245. 39. river. 184. 21. 9. Sahadsha. 1 1 8. Seger Sandalitu. 241. Suvarsbaka. Rupananda. See Sudatta. 184. 176. Sanghaghosha. 185. 12. Sundarananda. 193. 187. 222. Sse-tchuen. 18. 17. 196. Rubbed side. 182. See Nanda. Sinhahanu. 246. 132. 99. 249. 71. Sinha. 128. Shur-pai-grong. 218. 1 86. Sinidba. Shu-lik. 208. 148. Suratha. 231. 206. Samayabhedo parachana chakra. 195. prince of. II. 132. Sarnmatiyas. 46. 63. 20. 183. Senayana. 186. Sumeru. 213. 156. Ta-chien-lu. 171. 183. Samavadho paracha chakra. Suryavamsa. 96. 267 Seven amra tree. Rimurunda. Saketa. Sarvarthasiddha. Taksba9ila. 213. Sambbuta. Spu-de gang rgyal. 15. 127. 106. 104. Sinhaghosha. 13. 128. 49. 13. Rishyasringa jataka. Siddha-thagg^ma. Rishivadana. 176. So-kid. town of. 206. Sang-tir vibara. 214. 145. Sarvakama. Sse-ma-tsien. 177. Rokha. 19. 217. . 77. Sahadeva. 176. Sad-na-legs. 239. 63. 39. 239. grove of. 28. 147. Samangasarana Parvata. See Nanda. 217. 14. 13. Sanrftativ&dina. 21. 48. 121. 239. 23. Sama veda. 179. Sanghavardana. 182. 30. Sanjaya. 19. 143. 205. Stong-nya vihara. 224. 118. 30. 185. 194. 49. 136. 241. Sho-rgya. 258. 164.. SADDHARMAVARSHAKA. 190. 216. 148. 13. 82. 52. 46. pool of. 79. Sarvadhara. 159. 77. Srong-btsan sgam-po. 138. Senanigama. 221. 13. 81. 209 et seq. 170. Sinhanada. Samkrantivadina. 68. Rohita. 65. Snar-tbang. San-pu valley. Sattapani cave. Tachilhunpo. tchaitya of. 209.29. Suvarna prabhasa sutra. 33. 20. 135. 39. 185. 88. 183. Rtseb-pa tchaitya. 236. 55. San jay a Vairattiputra. 232. 124. 65. 182. Shampaka. 246. 212. 1 8 1. 240. 30. 174. Sbuli. 241. 182. 193. Sujata. 68. 31. Subabu. TABUTA. Subhadra. Svastika. 17. Rig veda. Sautrantika. 151. 1 86. 194. Susroni. Sarandada tcbaitya. Ska-ba-dpal-brtsegs. Sutra in 42 sections. 28. 206. 21. Sow. Rudraka Ramaputra. Sulabha. 94. 88. 186. 173. Sana. 30. 13. 14. 45. 40. 81. 208. Swat. Sthiramati. Sakala. 66. 208. Roruka. Sudar9ana. 183. Sagaradatta. 132. Surendrabodhi. Sbannagarika. 57. Samkagya. 63. 119. 1 Sammata. Samanna phala sutta. 20. 250. 243. 240. 224. 204. 215. 176. 215. 161. Sala grove. Siddh&rtha. 101. 217. Suprabuddha (or Suprabodha). Stag-gzig. 67. 9. 120. Shing-dkam. 176. 191. Skam-shed. 153Salha. Sena. 2 1 8. 13. 47. 184. Anathapindada. 117. monastery of.INDEX. Santusbti. Severed hand. 124. 35. Rupaloka. 219. Sbi-dkar. 217. 181. place of (Vadjravarahi ?). 239. 35.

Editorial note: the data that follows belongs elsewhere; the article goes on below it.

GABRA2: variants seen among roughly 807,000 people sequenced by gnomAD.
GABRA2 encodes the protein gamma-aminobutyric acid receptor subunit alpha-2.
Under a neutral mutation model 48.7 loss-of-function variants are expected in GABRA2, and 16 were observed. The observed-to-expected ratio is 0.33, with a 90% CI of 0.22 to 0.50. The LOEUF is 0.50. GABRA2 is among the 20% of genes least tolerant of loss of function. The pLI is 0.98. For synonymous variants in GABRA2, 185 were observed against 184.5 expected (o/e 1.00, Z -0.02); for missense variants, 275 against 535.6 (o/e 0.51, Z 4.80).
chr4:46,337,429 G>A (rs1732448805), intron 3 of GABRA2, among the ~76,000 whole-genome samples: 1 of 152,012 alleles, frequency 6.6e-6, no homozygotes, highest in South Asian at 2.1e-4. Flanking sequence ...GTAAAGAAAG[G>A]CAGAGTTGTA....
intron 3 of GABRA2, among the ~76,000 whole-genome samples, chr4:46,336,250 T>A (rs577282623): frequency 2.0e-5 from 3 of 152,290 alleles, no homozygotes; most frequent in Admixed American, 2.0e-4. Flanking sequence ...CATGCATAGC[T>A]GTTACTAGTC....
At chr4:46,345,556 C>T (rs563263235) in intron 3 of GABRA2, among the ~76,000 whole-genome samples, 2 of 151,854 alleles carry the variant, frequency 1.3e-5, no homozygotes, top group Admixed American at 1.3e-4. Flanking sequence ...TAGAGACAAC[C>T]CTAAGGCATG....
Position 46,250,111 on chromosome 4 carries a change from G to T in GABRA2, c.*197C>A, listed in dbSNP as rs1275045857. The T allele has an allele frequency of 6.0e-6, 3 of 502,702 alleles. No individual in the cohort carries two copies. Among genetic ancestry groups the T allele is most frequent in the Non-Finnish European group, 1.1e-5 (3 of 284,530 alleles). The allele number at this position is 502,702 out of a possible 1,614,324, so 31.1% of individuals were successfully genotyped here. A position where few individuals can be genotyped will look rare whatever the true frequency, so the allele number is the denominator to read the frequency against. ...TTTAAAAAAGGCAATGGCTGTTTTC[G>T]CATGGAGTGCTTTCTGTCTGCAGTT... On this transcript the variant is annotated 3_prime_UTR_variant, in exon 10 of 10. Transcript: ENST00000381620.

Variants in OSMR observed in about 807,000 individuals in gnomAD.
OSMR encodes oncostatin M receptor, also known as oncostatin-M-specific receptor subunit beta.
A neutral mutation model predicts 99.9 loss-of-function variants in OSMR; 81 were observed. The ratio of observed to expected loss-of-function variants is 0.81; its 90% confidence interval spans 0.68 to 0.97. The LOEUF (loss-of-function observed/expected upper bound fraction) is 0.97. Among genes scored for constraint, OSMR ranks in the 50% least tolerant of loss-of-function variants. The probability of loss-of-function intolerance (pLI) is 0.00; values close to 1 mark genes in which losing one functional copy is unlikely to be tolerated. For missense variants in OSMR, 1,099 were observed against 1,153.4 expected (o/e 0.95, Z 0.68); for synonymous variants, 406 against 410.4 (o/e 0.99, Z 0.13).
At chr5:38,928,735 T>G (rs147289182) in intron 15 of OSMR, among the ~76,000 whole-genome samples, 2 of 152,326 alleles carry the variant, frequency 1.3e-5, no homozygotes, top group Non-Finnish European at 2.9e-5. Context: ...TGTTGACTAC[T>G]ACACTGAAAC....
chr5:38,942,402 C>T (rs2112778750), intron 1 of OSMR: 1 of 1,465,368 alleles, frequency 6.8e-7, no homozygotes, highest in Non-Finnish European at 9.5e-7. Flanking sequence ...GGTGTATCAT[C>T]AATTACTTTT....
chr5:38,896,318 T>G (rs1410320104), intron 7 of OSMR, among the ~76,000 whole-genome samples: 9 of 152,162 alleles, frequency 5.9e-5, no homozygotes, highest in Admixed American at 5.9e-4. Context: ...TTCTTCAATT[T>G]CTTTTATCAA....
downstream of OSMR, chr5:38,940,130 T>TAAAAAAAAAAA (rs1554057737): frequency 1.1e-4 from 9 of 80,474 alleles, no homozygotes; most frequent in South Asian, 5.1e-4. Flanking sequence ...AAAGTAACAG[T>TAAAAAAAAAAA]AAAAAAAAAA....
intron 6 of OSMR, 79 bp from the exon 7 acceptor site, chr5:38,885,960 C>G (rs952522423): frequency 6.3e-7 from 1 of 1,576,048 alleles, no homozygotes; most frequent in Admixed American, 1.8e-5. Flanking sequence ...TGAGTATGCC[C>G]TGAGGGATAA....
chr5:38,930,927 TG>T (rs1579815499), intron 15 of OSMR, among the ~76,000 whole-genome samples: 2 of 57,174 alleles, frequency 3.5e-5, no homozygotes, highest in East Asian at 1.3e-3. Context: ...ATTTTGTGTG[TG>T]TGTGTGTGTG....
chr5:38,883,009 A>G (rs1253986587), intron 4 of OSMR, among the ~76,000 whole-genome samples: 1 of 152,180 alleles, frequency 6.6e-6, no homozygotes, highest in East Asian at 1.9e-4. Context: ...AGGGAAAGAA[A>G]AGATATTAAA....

225. 118. 146. 237. 193. 51. Benares. 184. Upavasavi. 217. Udayi. 8l. 65. 206. grove. 193. 125. Tchao-tchang. 106. Tantuvaya sala. 107. 74. 167. 211. Thumi Anu. 95. 120.268 Tamra9atiya. Varakalyana. 213. 35. Upavana. 48. n. Vaisali. 241. 177. 70. 48. 255. 137. 182. Vethadvipa. 243. 63. no. 28. 40. INDEX. 237. 186. Vaidehi. 238. 21. 238. 185. Udyana. 159- Upatishya. 191. 194. 236. 25. Tho-tho-ri long btsan. 240. 35. 183. 45- U-BU BLA-SGANG. Vasumitra. 92. 1 1 Thumi Sambkota.235. 238. 5 6 &amp. Tripitaka. See Kaludayi. 112. 63. 209. 17. Vanararl. 46. Upali. 71. Udai Kundiyayaniya. 171. 74. 129. 41. 148. 180. 40. Tushita. u6. 39. See Bamboo Veluvana. 113. 224. 97. 239. 136. 221. 202. 77. Udayibhadra. Vairojana. 184. 130. 164. 1 86. Videha. 39. in. u 4&amp. 236. Vasabhagami. 29. 79. 120. 9. 38. 193. 214. Virudhaka. Viuiala. 155. 12. VACHPA. 186. 186. 114. 187. Varshakara. Vijayajaya.gt. . 28. 90. 235. 91. 189. 63. 128. 187. Thien chan. 41. 9.255. Tsal-byi. 20. 195. 232. Upagupta. Varanasi. 51. 170. 28. 254. 21 1. See Vararutchi. 185. Tangutans. 183. Upakarumant. 70. 241. 183. Tchaityika. 241. 173. 96. 15. 119. 187. 228. stupa of. 84. 136. Tevidja sutta. 193. 181. 233. 142. Vinitadeva. Tchang-tsang. 8 1. Vigvamitra 19. 97. 222. 235. Visakha. Varana. Trapusha. 123. 63. Vasistha. 241. 142. 121. 17. 196. I6 5. Tsu-chih hien. 19. J in. 183. 141. 239. 230. Tokara. 44. 250. 158. See Daabala Kagyapa. 136. 74. Udayana. Uttariya. U-then. 183. Utposhadha. 234. 82. 18. 17$. 26. nr. Vijayasambhava. 64. Thal-tsung. Tchudapratigraha. 215. Uddandapura. Tung-lin. Vijayasimha. Vijayadharma. 224. Tchampaka. 17. 242. 145. Tchunandana. 143. 48. 77. See Kaugambi. 240. 230. 254. Varshika. Vai ravana. 217. 182. 233. Vasubandhu. See (Jariputra.gt. 57. 46. 64. 79. 8. n. 253. 117. 62. 55. 78. See Nagi. 179. 144. 2O8. Uttarakuru. To-la. 212. 242. Tao-sse. Uruvilva Kagyapa. Vadjrapani. Vijayakirti. 238. Turkestan. 186. 68. 12. 176. 26. Tsar-ma. Tushti. 77. Udanavarga. 124. Tirthikas. Tishya. 22O. 136. Vairotchana. 154. 91. Vadsala. 230. 9. Vijayavirya. Tchandaka. Upaka. VaibadyavAdina. Upaksiru. 81. 230. 182. 172. 69. 237. 190. 222. 9. Vidyakaraprabha. 122. 132. Turks. 48. the bhikshu. 238. Uttara. 193. 9. 79. 148. 185. Ulkamukha. 118. 21. Uruvilva. 33. 34. 188. 183. 181. Vaku. 191. 21. 44. See Khoten. 247. Visakha. Utpalavarna. Udjayani. 127. 22. Tchos-kyi rgyal-rnts an. Vatsiputriya. 117.